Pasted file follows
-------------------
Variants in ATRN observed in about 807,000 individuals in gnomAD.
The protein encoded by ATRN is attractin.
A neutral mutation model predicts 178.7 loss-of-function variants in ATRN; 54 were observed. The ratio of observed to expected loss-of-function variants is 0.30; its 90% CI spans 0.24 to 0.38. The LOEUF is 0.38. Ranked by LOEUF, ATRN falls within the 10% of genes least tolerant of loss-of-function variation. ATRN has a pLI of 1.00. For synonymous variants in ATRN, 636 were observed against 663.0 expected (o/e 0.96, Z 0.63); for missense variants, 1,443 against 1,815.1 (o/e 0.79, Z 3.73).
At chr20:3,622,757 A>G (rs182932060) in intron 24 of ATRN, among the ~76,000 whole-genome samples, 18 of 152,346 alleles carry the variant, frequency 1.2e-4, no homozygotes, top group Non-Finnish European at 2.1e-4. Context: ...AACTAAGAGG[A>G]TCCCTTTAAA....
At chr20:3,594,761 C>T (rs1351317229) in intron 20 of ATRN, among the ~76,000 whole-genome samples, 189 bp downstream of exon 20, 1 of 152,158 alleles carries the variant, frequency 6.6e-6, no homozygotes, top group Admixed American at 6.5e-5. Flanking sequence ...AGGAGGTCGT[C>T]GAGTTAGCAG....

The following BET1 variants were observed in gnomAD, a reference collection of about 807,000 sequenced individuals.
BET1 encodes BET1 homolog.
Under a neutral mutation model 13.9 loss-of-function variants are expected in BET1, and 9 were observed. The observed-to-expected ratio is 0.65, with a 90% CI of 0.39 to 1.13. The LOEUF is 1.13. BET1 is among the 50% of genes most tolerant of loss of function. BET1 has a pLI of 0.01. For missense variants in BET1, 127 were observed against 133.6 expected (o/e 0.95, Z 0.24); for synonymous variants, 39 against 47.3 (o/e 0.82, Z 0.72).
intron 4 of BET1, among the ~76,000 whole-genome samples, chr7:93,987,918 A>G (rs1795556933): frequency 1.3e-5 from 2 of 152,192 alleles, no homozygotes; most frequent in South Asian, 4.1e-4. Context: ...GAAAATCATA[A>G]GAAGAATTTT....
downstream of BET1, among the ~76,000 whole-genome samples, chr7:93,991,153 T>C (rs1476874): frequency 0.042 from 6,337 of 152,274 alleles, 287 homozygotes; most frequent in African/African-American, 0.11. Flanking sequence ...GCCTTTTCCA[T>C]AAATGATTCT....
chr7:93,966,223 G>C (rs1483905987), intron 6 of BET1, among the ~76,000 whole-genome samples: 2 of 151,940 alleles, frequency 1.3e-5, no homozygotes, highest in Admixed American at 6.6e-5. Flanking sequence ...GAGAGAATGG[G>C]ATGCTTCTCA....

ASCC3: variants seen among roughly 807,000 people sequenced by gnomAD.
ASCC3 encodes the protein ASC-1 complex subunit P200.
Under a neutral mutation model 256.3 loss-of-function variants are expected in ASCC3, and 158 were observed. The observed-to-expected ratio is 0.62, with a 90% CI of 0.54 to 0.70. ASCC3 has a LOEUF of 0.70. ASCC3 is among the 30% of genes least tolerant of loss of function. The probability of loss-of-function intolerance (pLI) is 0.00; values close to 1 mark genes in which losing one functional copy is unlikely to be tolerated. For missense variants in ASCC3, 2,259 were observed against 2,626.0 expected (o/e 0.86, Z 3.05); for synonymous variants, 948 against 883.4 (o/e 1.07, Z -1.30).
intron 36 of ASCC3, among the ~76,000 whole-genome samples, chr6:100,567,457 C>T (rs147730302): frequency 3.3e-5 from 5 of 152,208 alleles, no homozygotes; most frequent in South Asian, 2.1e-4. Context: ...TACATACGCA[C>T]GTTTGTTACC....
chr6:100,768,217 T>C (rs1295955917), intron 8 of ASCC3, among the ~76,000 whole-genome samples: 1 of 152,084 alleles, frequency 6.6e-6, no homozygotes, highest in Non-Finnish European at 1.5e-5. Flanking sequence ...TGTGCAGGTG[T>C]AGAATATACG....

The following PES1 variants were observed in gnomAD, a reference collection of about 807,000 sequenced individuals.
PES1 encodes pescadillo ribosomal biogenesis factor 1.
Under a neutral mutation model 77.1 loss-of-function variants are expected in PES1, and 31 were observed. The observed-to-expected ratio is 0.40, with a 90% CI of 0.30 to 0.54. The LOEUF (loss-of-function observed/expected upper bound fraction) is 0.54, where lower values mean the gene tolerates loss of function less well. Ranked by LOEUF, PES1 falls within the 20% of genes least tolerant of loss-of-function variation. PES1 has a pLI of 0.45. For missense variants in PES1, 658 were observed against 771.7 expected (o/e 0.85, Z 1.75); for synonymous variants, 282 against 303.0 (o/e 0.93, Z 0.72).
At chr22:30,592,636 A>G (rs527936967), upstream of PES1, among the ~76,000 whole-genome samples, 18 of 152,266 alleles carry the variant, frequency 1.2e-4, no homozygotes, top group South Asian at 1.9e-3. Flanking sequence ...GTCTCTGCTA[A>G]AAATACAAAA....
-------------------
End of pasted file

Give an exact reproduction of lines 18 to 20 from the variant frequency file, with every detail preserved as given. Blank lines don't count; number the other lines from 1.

PES1 encodes pescadillo ribosomal biogenesis factor 1.
Under a neutral mutation model 77.1 loss-of-function variants are expected in PES1, and 31 were observed. The observed-to-expected ratio is 0.40, with a 90% CI of 0.30 to 0.54. The LOEUF (loss-of-function observed/expected upper bound fraction) is 0.54, where lower values mean the gene tolerates loss of function less well. Ranked by LOEUF, PES1 falls within the 20% of genes least tolerant of loss-of-function variation. PES1 has a pLI of 0.45. For missense variants in PES1, 658 were observed against 771.7 expected (o/e 0.85, Z 1.75); for synonymous variants, 282 against 303.0 (o/e 0.93, Z 0.72).
At chr22:30,592,636 A>G (rs527936967), upstream of PES1, among the ~76,000 whole-genome samples, 18 of 152,266 alleles carry the variant, frequency 1.2e-4, no homozygotes, top group South Asian at 1.9e-3. Flanking sequence ...GTCTCTGCTA[A>G]AAATACAAAA....